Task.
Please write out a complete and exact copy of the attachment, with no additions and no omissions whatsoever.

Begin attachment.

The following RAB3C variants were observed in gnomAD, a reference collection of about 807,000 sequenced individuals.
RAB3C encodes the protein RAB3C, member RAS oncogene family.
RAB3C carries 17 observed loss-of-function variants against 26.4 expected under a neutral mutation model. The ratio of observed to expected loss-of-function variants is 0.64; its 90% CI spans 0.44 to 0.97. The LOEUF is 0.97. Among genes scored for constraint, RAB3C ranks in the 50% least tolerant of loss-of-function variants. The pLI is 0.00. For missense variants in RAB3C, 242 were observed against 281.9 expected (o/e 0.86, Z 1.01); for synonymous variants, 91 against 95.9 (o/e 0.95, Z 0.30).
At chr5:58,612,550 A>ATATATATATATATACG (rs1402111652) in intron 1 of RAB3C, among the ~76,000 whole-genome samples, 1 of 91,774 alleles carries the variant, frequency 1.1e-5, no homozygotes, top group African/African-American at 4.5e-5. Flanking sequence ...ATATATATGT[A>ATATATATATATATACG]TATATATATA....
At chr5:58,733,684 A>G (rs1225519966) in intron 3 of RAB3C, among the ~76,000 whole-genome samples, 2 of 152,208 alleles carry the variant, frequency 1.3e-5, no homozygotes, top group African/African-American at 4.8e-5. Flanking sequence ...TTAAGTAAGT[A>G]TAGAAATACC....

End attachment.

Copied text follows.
The following RAB3C variants were observed in gnomAD, a reference collection of about 807,000 sequenced individuals.
RAB3C encodes the protein RAB3C, member RAS oncogene family.
RAB3C carries 17 observed loss-of-function variants against 26.4 expected under a neutral mutation model. The ratio of observed to expected loss-of-function variants is 0.64; its 90% CI spans 0.44 to 0.97. The LOEUF is 0.97. Among genes scored for constraint, RAB3C ranks in the 50% least tolerant of loss-of-function variants. The pLI is 0.00. For missense variants in RAB3C, 242 were observed against 281.9 expected (o/e 0.86, Z 1.01); for synonymous variants, 91 against 95.9 (o/e 0.95, Z 0.30).
At chr5:58,612,550 A>ATATATATATATATACG (rs1402111652) in intron 1 of RAB3C, among the ~76,000 whole-genome samples, 1 of 91,774 alleles carries the variant, frequency 1.1e-5, no homozygotes, top group African/African-American at 4.5e-5. Flanking sequence ...ATATATATGT[A>ATATATATATATATACG]TATATATATA....
At chr5:58,733,684 A>G (rs1225519966) in intron 3 of RAB3C, among the ~76,000 whole-genome samples, 2 of 152,208 alleles carry the variant, frequency 1.3e-5, no homozygotes, top group African/African-American at 4.8e-5. Flanking sequence ...TTAAGTAAGT[A>G]TAGAAATACC....